After working with thousands of reps over the years, I don't believe this new regulation will deter unhappy financial advisers from moving to firms offering more opportunities for growth.
The rule will simply require conversations explaining the motives behind the moves. There's no reason why these conversations have to be uncomfortable or contentious. Not moving to monetize, but to grow
Most advisers are not moving to simply net lucrative transition deals in order to monetize their practices or their personal lives. (If they are, these client conversations will be more difficult and may uncover a conflict of interest — to Finra's point.)
Most advisers are switching firm affiliations to create long-term growth for a variety of reasons:
-Improved, integrated technology
-Increased back office support
-Ability to focus more time on clients
-Conducive culture fostering growth
Using Transition Compensation to Facilitate the Move
Most clients don't understand advisor compensation, much less the costs incurred when changing firms.
Outlining how transition packages ease the burdens associated with moving as well compensate for any short-term losses of production and income will make sense to most clients.
Make sure clients understand the structure of the transition compensation—typically a combination of upfront bonuses, stock options, deferred compensation, forgiveable and non-forgiveable loans. Most clients will assume the payout is simply in the form of upfront money, which tends to raise red flags.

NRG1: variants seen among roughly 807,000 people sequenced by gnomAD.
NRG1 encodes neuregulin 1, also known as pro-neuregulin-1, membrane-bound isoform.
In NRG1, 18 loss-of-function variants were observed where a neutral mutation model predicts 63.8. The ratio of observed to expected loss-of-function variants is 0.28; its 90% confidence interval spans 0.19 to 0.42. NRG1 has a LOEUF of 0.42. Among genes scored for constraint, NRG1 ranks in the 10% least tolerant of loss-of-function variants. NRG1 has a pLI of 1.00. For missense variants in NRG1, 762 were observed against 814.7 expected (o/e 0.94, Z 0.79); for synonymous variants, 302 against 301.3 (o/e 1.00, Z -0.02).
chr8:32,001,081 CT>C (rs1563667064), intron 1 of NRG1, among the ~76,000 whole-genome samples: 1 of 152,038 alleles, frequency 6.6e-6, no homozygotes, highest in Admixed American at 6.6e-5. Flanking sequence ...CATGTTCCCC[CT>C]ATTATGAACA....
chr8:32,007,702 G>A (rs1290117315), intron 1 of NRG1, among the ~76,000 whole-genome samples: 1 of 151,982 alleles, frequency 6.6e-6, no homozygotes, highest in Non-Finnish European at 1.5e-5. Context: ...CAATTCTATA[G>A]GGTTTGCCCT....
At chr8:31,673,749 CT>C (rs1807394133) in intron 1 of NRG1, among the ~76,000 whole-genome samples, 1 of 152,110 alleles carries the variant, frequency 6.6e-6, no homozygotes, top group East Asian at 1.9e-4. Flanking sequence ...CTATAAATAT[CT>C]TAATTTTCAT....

This Move Will Benefit Clients
Advisors should be prepared to give tailored examples of how the change will generate increased value to clients.
Will alternative investments now be offered? Will integrated technology allow for more improved reporting? Will more back office support mean more time spent interfacing with clients and their portfolios?
More Money Isn't a Bad Thing
Richard Bryant, Co-Founder and CEO of Capital Investment Companies as well as a member of FINRA's Independent Dealer/Insurance Affiliate Committee had an interesting point I've been sharing with others. He says advisors move for a variety of reasons and even if money is part of the consideration, that doesn't necessarily make it bad for the investor. This is especially true if the move also means the advisor can better serve the client. Read More
In addition, being recruited and compensated to join a new firm can be seen as a sign of respect, validating the advisor's talent and encouraging client loyalty.
Bottomline: If you are moving because it's better for you and your clients, the conversation will be just one of many in a fruitful, long-term relationship
Tom Daley is the founder and CEO of The Advisor Center, a strategic partner to InvestmentNews.